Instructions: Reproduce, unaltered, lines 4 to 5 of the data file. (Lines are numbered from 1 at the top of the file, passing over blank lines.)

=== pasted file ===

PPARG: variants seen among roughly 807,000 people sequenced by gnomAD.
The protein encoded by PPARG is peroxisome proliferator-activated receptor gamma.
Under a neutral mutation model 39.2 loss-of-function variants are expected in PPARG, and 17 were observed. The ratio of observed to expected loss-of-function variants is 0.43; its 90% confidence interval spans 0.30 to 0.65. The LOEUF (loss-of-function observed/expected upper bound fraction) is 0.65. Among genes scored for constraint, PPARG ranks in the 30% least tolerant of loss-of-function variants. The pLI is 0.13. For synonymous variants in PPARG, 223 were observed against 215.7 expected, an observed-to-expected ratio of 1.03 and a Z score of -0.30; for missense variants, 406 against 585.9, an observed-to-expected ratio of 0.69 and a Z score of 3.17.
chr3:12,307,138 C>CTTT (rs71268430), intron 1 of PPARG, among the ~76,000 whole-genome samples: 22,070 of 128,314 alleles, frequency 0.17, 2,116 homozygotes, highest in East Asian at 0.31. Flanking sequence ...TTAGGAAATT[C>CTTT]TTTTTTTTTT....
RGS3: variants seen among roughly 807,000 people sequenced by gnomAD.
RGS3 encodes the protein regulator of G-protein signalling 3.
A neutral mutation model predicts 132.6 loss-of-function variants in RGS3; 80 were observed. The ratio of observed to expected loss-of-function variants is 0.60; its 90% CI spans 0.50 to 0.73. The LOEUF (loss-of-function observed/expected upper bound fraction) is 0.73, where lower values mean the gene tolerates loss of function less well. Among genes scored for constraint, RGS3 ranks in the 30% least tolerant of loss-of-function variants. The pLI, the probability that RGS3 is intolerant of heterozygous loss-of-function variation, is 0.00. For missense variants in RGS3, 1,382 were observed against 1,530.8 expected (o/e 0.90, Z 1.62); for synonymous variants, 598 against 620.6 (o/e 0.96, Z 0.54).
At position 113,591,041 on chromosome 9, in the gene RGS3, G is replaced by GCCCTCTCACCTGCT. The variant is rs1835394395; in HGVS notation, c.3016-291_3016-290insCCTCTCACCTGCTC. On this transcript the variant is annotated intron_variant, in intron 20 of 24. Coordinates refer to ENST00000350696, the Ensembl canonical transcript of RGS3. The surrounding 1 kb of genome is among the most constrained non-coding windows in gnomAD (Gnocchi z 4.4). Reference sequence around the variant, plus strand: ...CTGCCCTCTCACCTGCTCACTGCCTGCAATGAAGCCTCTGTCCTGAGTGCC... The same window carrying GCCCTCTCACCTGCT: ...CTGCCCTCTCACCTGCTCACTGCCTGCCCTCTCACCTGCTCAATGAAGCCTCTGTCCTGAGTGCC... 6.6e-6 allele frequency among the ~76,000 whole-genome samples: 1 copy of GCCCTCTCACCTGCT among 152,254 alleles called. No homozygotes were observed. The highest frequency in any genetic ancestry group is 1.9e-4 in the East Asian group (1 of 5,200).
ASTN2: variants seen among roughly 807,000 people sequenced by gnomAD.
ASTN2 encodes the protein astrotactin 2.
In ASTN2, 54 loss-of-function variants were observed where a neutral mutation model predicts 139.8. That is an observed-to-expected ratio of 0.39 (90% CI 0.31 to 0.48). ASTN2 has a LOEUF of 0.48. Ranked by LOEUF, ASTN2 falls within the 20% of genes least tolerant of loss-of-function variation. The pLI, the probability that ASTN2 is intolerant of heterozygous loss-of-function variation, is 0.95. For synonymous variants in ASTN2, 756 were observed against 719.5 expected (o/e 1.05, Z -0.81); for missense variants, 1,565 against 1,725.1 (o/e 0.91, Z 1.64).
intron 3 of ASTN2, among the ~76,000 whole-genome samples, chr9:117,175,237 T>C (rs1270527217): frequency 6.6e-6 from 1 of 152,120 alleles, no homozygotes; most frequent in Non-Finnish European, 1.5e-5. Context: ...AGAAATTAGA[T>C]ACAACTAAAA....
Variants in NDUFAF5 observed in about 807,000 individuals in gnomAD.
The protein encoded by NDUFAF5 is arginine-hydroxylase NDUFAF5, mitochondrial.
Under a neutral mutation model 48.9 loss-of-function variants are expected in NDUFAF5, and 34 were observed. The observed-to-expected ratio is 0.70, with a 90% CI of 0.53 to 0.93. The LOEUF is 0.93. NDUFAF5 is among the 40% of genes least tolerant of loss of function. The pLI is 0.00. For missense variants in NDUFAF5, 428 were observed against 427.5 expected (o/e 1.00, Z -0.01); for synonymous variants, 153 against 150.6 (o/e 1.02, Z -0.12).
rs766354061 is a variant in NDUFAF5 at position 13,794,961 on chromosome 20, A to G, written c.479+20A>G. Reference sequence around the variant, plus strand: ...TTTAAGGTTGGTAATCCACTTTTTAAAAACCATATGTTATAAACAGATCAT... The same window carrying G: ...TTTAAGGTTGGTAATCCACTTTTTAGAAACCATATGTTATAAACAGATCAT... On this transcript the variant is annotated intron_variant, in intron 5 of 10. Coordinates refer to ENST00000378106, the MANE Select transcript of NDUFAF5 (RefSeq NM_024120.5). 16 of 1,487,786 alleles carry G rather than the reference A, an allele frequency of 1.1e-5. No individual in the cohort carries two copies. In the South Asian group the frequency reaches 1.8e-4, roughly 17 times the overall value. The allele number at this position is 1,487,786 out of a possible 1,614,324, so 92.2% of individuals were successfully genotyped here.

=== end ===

chr3:12,307,138 C>CTTT (rs71268430), intron 1 of PPARG, among the ~76,000 whole-genome samples: 22,070 of 128,314 alleles, frequency 0.17, 2,116 homozygotes, highest in East Asian at 0.31. Flanking sequence ...TTAGGAAATT[C>CTTT]TTTTTTTTTT....
RGS3: variants seen among roughly 807,000 people sequenced by gnomAD.